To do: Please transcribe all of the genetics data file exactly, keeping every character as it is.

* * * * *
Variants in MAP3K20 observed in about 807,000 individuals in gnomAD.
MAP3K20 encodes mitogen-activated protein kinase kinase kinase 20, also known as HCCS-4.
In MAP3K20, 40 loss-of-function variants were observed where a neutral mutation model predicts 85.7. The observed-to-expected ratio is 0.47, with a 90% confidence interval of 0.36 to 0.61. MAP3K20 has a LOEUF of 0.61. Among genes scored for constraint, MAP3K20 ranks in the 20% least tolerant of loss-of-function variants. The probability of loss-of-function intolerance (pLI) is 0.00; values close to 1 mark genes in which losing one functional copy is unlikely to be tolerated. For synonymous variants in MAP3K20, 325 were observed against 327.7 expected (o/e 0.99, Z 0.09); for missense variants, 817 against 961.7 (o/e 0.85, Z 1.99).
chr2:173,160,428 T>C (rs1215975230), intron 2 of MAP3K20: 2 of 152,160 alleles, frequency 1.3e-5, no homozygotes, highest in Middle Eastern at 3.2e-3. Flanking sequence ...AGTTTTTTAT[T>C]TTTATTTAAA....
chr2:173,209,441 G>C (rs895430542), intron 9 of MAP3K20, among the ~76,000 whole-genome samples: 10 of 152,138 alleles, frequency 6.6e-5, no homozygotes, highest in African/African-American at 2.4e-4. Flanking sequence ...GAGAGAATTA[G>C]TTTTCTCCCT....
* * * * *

Variants in MAP3K20 observed in about 807,000 individuals in gnomAD.
MAP3K20 encodes mitogen-activated protein kinase kinase kinase 20, also known as HCCS-4.
In MAP3K20, 40 loss-of-function variants were observed where a neutral mutation model predicts 85.7. The observed-to-expected ratio is 0.47, with a 90% confidence interval of 0.36 to 0.61. MAP3K20 has a LOEUF of 0.61. Among genes scored for constraint, MAP3K20 ranks in the 20% least tolerant of loss-of-function variants. The probability of loss-of-function intolerance (pLI) is 0.00; values close to 1 mark genes in which losing one functional copy is unlikely to be tolerated. For synonymous variants in MAP3K20, 325 were observed against 327.7 expected (o/e 0.99, Z 0.09); for missense variants, 817 against 961.7 (o/e 0.85, Z 1.99).
chr2:173,160,428 T>C (rs1215975230), intron 2 of MAP3K20: 2 of 152,160 alleles, frequency 1.3e-5, no homozygotes, highest in Middle Eastern at 3.2e-3. Flanking sequence ...AGTTTTTTAT[T>C]TTTATTTAAA....
chr2:173,209,441 G>C (rs895430542), intron 9 of MAP3K20, among the ~76,000 whole-genome samples: 10 of 152,138 alleles, frequency 6.6e-5, no homozygotes, highest in African/African-American at 2.4e-4. Flanking sequence ...GAGAGAATTA[G>C]TTTTCTCCCT....